On April 6, 1814, Napoleon then in his 40s was forced to abdicate the throne. With the Treaty of Fontainebleau, he was exiled to Elba, a Mediterranean island off the coast of Italy. He was given sovereignty over the small island, while his wife and son went to Austria. On February 26, 1815, after less than a year in exile Napoleon escaped Elba and sailed to the French mainland with a group of more than 1,000 supporters. On March 20, he returned to Paris where he was welcomed by cheering crowds. The new king Louis XVIII (1755-1824) fled and Napoleon began what came to be known as his Hundred Days campaign.
Upon Napoleon’s return to France, a coalition of allies–the Austrians, British, Prussians and Russians–who considered the French emperor an enemy began to prepare for war. Napoleon raised a new army and planned to strike preemptively, defeating the allied forces one by one before they could launch a united attack against him.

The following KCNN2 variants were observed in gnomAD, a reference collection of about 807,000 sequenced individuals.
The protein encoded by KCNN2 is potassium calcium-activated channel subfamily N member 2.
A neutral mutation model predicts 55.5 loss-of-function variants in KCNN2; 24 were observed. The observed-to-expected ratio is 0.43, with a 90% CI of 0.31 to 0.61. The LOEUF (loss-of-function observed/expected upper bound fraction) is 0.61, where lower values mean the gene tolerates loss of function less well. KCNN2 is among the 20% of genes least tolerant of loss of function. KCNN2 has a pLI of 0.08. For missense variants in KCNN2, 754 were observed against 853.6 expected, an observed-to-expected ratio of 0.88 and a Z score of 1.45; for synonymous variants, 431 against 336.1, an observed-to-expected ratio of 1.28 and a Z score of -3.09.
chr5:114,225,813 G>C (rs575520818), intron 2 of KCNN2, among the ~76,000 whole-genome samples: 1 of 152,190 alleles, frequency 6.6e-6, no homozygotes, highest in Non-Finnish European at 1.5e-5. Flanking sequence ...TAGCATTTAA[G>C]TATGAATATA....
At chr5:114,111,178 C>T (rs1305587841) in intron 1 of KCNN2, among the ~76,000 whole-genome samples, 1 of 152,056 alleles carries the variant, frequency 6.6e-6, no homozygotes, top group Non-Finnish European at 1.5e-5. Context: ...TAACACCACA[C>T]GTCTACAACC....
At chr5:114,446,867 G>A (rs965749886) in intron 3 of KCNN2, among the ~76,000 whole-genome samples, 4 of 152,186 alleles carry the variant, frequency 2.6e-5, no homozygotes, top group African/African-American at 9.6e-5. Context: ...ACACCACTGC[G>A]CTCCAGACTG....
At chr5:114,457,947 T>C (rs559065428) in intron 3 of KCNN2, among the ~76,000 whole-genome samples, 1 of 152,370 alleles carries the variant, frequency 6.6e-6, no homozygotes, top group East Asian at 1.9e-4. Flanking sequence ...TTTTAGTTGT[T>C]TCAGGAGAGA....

In June 1815, his forces invaded Belgium, where British and Prussian troops were stationed. On June 16, Napoleon’s troops defeated the Prussians at the Battle of Ligny two days later, on June 18, at the Battle of Waterloo near Brussels, the French were crushed by the British, with assistance from the Prussians On June 22, 1815, Napoleon was once again forced to abdicate. In October 1815, Napoleon was exiled to the remote, British-held island of Saint Helena in the South Atlantic Ocean. He died there on May 5, 1821, at age 51 from stomach cancer Napoleon was buried on the island despite his request to be laid to rest In 1840, his remains were returned to France and entombed in a crypt at Les Invalides in Paris where other French military leaders are interred.